prescribe it for diabetic neuropathy, its usefulness is still
to be determined. Sold under the trademark Qutenza,
the method—approved by the FDA to treat a different
kind of nerve pain—uses a large dose of capsaicin to get
the nerves overexcited. Like a man shouting himself
hoarse, the nerves temporarily lose their “voice” and
can’t send pain signals to the brain for a while, in part
because they’ve retracted from the surface of the skin.
“It causes pain and depletes pain signaling,” says Smith.
“Afterward, you can go for months without nerves ;ring.”
The dose is applied by a doctor, who uses a painkiller so
you can’t actually feel the burn. One treatment is often
enough to achieve an effect. Smith is also using capsaicin
in experiments to measure nerve regeneration in people
undergoing gastric bypass surgery to see if weight loss
has an effect on nerve function and growth.
Virus Another unusual approach comes from Texas
Tech University Health Sciences Center researcher
Munmun Chattopadhyay, PhD. With the help of a grant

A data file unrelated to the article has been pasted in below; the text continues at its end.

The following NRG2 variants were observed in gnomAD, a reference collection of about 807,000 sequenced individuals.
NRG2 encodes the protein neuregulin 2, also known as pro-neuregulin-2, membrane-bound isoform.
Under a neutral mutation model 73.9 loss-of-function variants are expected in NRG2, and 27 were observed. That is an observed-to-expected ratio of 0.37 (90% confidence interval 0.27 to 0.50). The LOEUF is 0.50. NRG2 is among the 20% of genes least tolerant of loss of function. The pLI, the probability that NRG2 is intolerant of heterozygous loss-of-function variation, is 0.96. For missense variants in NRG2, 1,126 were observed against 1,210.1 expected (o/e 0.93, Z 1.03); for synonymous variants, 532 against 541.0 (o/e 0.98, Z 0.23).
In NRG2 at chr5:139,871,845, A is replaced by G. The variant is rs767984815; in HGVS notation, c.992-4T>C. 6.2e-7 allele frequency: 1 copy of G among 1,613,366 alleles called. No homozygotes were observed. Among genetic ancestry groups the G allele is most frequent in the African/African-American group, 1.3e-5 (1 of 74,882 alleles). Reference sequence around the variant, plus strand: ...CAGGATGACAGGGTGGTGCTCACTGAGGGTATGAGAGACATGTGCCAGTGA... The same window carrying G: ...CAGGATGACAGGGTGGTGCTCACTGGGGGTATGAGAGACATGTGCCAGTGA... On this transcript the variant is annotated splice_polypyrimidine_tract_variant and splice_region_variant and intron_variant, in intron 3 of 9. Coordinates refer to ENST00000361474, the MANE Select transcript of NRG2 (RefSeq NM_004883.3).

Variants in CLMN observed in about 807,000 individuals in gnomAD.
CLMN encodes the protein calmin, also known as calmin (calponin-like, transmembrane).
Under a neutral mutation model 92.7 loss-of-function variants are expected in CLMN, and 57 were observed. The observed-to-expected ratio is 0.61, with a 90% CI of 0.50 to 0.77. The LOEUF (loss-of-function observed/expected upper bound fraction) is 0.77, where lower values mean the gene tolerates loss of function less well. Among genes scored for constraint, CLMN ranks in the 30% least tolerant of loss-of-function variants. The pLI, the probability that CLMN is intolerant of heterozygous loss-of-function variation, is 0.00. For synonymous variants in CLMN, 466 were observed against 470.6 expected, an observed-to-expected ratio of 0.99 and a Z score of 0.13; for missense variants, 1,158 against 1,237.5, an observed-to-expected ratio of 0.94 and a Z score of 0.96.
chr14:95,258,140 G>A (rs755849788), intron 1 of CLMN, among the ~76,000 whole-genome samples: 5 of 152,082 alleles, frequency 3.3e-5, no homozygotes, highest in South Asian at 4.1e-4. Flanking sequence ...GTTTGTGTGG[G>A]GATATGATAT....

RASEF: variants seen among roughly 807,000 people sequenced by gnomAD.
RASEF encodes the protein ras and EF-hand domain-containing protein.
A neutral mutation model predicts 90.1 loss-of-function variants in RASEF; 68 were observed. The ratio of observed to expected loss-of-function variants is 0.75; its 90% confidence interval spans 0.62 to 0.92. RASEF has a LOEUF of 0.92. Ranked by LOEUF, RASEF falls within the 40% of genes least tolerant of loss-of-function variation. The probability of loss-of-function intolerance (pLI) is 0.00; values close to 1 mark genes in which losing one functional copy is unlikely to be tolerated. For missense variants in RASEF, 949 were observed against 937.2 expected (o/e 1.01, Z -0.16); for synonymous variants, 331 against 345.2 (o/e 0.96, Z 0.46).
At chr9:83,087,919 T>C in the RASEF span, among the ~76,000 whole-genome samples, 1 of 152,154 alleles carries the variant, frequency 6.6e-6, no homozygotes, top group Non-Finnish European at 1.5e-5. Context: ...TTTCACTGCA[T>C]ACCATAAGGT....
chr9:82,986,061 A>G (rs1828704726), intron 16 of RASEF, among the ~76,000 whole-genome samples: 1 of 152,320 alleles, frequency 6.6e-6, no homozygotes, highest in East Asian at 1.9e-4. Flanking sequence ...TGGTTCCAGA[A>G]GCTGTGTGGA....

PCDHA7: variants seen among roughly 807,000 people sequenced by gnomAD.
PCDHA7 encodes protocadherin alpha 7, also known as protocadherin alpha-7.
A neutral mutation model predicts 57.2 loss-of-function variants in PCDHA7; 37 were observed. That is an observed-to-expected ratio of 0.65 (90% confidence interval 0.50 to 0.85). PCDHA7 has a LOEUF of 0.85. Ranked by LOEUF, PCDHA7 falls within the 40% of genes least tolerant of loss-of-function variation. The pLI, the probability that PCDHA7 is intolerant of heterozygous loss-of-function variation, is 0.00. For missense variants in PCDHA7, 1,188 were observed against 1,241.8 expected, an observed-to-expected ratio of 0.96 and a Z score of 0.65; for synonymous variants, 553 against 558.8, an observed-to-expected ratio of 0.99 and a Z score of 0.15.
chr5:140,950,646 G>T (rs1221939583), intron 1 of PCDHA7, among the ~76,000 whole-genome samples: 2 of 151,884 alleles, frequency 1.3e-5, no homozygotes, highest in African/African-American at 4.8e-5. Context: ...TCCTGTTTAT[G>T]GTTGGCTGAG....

from the American Diabetes Association, she’s using
modi;ed herpes simplex viruses—the kind that give you
cold sores—to treat neuropathic pain. “If we can ;nd
a treatment at the pain phase, maybe we can delay or
prevent some of the neuropathy,” Chattopadhyay says.
Between breakouts, the herpes virus hides in nerve
cells, making it a possible delivery vehicle for pain-
dampening chemicals. Before injecting the virus into
the feet of rats with an experimental form of type 1
diabetes, Chattopadhyay modi;es the virus in two
important ways: First, she turns off the genes that cause
the virus to multiply, preventing it from causing cold
sores. Then Chattopadhyay and colleagues add genes that
instruct it to produce a chemical that blocks the nerve
from sending signals.
Chattopadhyay’s experiments are still only in rats,
though. For now, all of the methods approved for use
in humans are limited: They work in some patients but
not others, or need different dosages to take effect. It’s
important to work with your health care team to ;nd
the right combination for you. “If someone has painful
neuropathy, they have to have realistic expectations—
none of these treatments takes away pain altogether,”
says Perkins. “They tend to take the edge off so people
can get better sleep or function better.”
SEARCHING FOR A CURE
Curing neuropathy, rather than just treating its
symptoms, is even trickier. “There have been decades of
research on therapies that might heal nerves, and they’ve
mostly been failures,” says Perkins.